Every change and trend opens and closes career opportunities. New products and services appear and others disappear. New companies flourish and others decline. New jobs come into being and others vanish. Professions get centralized into specialized companies, requiring new skill sets.

Do a Scavenger Hunt in your own organization. What do you see on the horizon?

  • What new business units have appeared? Which ones are vanishing?
  • What new jobs are appearing? Which ones are disappearing?
  • What new skill sets will be needed? Which ones will become obsolete?
  • What professions will grow because of your organization mission? Which ones might decline?
  • Which of these changes will impact you?

When you see the coming changes in your organization, will you be ready?

Missed the Trends
Eastman Kodak, founded by George Eastman in Rochester, NY in 1889, held a 90% market share of domestic photographic film and film developing sales. The change to digital sent Kodak reeling into bankruptcy. Rochester’s businesses, restaurants, stores and real estate were decimated. The city itself is reportedly close to bankruptcy. http://www.nypost.com/p/news/local/broke_cities_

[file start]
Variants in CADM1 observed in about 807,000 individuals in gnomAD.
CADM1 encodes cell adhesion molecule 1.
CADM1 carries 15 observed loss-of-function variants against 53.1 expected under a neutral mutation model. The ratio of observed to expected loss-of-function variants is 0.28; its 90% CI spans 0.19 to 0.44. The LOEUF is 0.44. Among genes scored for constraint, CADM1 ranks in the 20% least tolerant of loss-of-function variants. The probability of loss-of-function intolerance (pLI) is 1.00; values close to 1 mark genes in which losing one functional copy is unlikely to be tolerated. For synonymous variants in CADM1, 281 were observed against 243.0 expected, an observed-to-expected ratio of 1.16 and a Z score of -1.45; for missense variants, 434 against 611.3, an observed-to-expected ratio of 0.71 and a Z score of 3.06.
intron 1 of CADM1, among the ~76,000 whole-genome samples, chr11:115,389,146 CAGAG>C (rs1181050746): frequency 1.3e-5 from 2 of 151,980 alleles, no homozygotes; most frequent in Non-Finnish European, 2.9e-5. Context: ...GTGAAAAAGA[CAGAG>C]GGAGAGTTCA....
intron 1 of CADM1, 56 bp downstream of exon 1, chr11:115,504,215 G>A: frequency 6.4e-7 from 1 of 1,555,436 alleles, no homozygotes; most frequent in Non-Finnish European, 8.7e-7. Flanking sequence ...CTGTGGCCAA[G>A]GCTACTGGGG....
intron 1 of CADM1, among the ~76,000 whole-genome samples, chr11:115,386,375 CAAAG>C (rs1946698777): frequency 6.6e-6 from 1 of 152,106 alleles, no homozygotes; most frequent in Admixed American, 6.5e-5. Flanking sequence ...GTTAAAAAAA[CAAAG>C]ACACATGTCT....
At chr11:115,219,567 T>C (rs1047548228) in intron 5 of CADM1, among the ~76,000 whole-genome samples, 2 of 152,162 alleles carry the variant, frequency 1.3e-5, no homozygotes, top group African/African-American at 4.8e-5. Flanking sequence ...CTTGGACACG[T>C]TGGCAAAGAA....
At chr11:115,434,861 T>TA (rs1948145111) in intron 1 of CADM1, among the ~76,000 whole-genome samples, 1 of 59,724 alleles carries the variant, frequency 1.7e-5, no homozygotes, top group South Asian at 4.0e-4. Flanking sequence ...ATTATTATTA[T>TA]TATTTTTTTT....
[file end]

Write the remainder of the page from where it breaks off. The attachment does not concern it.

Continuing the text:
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The ripple effect sent waves to nationwide Kodak kiosks, to film developing organizations, to chemical and raw material suppliers, to film camera and photography darkroom equipment manufacturers, to photo suppliers, lens and paper manufacturers, etc. Most saw the coming change but thousands of careers were nonetheless devastated. Recognizing major trends and taking early action is critical to having a sustainable career.